Religious and Moral Scrupulosity in Christians

Listen as Ted Witzig explains various aspects of scrupulosity.

Scrupulosity is a subtype of OCD where religious and moral matters become entwined in the obsessive-compulsive cycle. People suffering with this disorder worry that they have sinned or done something immoral, even when they have not. They often seek reassurance from others and repetitive confess sins. They may have intrusive thoughts (example: “Did I repent right?”), mental images that they find disturbing (example: images of immoral acts with religious figures), fears pf blasphemous, sexual, or violent thoughts, and/or fears that they may lose control of their impulses and do something sinful or harmful (example: yelling out a cuss word in church).  They may wonder if they are truly saved or if they are in danger of judgment by God. As a result, these individuals tend to repeatedly confess their sins and/or seek reassurance from others. The symptoms of scrupulosity will generally adapt to and take on the form of the person’s religious beliefs and culture. For example, Jewish individuals with scrupulosity may fear breaking kosher laws, Catholic individuals may worry about not exactly confessing each detail of something to their priest, and Protestant Christians may have pathological doubts about whether they are truly saved or whether their motives are pure (i.e., motive doubting).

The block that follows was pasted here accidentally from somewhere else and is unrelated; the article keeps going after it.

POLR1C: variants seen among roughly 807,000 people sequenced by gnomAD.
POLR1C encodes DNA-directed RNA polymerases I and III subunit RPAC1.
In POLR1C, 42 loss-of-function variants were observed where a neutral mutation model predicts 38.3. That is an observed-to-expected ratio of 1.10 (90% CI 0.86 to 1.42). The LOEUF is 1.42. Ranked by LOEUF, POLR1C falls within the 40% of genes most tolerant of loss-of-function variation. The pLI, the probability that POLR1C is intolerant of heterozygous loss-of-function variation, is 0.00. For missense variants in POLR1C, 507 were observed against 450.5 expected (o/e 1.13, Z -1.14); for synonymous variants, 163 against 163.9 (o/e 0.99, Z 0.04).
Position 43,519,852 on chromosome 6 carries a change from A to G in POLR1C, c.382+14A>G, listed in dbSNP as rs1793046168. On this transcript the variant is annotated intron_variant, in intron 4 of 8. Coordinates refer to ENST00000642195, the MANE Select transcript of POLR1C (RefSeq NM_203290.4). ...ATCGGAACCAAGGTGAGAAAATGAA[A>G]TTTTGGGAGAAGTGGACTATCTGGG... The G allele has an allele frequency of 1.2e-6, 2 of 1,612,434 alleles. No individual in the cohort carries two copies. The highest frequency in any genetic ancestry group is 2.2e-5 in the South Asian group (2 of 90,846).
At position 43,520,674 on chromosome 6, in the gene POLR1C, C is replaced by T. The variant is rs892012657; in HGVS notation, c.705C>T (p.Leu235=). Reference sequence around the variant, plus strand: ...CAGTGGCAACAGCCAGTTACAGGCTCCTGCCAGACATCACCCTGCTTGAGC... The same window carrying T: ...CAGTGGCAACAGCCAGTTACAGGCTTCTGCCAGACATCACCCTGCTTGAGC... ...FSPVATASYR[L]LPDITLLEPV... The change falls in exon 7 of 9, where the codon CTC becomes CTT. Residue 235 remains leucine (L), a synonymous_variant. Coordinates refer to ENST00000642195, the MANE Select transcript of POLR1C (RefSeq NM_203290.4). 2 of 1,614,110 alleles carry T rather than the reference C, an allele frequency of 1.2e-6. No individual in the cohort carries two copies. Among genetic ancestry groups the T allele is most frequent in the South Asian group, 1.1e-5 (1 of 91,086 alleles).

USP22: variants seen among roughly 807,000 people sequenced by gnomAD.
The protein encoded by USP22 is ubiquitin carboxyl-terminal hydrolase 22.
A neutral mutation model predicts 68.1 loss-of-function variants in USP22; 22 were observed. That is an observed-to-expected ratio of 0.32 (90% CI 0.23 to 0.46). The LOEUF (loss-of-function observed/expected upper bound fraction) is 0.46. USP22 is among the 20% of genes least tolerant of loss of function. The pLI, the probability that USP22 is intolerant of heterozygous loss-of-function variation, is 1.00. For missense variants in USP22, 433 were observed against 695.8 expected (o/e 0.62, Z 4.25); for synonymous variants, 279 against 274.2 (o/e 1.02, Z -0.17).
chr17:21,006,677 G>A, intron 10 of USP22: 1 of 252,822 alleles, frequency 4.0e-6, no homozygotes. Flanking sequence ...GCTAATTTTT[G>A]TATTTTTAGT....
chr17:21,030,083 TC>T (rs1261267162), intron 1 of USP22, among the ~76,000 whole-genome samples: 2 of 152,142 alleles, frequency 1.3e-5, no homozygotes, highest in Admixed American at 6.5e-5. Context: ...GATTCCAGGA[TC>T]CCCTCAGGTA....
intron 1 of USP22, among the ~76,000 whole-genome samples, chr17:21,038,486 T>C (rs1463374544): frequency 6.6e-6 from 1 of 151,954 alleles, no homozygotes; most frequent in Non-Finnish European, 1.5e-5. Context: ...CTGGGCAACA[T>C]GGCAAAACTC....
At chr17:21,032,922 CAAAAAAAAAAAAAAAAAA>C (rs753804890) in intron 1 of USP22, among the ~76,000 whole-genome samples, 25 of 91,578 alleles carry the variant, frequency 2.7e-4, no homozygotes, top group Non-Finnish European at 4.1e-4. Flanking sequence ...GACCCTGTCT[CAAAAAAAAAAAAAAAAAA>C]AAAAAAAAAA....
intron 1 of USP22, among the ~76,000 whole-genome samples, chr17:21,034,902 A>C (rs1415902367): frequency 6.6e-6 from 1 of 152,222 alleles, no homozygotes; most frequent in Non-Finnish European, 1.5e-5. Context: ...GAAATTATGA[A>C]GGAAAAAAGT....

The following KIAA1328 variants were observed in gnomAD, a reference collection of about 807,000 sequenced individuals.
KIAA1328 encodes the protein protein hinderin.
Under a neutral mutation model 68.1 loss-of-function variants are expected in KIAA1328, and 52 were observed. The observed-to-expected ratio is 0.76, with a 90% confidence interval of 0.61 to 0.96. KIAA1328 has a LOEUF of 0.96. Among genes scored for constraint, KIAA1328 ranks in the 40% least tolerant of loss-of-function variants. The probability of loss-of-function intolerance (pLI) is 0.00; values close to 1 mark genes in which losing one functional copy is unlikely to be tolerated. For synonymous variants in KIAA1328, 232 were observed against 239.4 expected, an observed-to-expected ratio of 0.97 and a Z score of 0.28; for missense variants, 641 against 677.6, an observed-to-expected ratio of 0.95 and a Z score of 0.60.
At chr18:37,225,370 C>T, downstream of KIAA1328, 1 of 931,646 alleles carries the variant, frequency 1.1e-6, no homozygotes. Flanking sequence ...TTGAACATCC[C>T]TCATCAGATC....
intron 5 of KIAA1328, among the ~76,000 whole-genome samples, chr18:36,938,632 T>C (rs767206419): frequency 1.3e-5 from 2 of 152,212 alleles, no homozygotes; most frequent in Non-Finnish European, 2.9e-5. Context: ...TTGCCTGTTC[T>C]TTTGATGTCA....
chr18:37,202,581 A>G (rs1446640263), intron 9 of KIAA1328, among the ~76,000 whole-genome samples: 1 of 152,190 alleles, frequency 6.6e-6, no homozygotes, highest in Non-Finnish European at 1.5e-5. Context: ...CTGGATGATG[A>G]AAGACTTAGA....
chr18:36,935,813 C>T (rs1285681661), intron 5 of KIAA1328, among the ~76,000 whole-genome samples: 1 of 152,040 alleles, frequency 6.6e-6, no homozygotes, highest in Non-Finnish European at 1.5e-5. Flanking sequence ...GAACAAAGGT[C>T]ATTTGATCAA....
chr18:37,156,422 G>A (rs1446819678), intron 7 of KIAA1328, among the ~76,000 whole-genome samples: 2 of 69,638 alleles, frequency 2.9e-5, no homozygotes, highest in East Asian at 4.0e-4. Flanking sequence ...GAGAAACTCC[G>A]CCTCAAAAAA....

ACCFS specializes in helping Christians dealing with scrupulosity. Our goal is to help not only the individual sufferers, but also the family member, friends, and ministers seeking to support them. While there are evidence-based treatments available to treat OCD and scrupulosity, many sufferers are fearful of doing the treatment and withhold themselves from it. This can sometimes occur because the individual fears that the treatment will harm their faith in Christ or because they are fearful that they really have a spiritual problem and using a psychological or medication treatment will mask the true spiritual problem. We seek to use evidence-based treatments for OCD such as Exposure and Response Prevention (ERP), Cognitive-Behavior Therapy (CBT), and Acceptance and Commitment Therapy (ACT) in a manner that is consistent with, and in support of, each person’s spiritual beliefs.

For Further Information:

An Introduction to the ‘Overactive Conscience’: Understanding Scrupulosity and Obsessive-Compulsive Disorder This series of three articles describe a subtype of OCD called “scrupulosity.” This occurs when symptoms of OCD are entwined in religious and moral matters. [ACCFS]

Coping Statements for Christians with OCD and Scrupulosity
This article provides a brief set of coping statements and guidance for OCD and scrupulosity sufferers to use on a daily basis. [ACCFS]

Principles of Effective and Religiously Sensitive Exposures
This article is for individuals with OCD who are in (or are considering) treatment for OCD, especially the subtype of OCD called scrupulosity where obsessions and compulsions become intertwined in religious and moral matters. [ACCFS]

Videos about OCD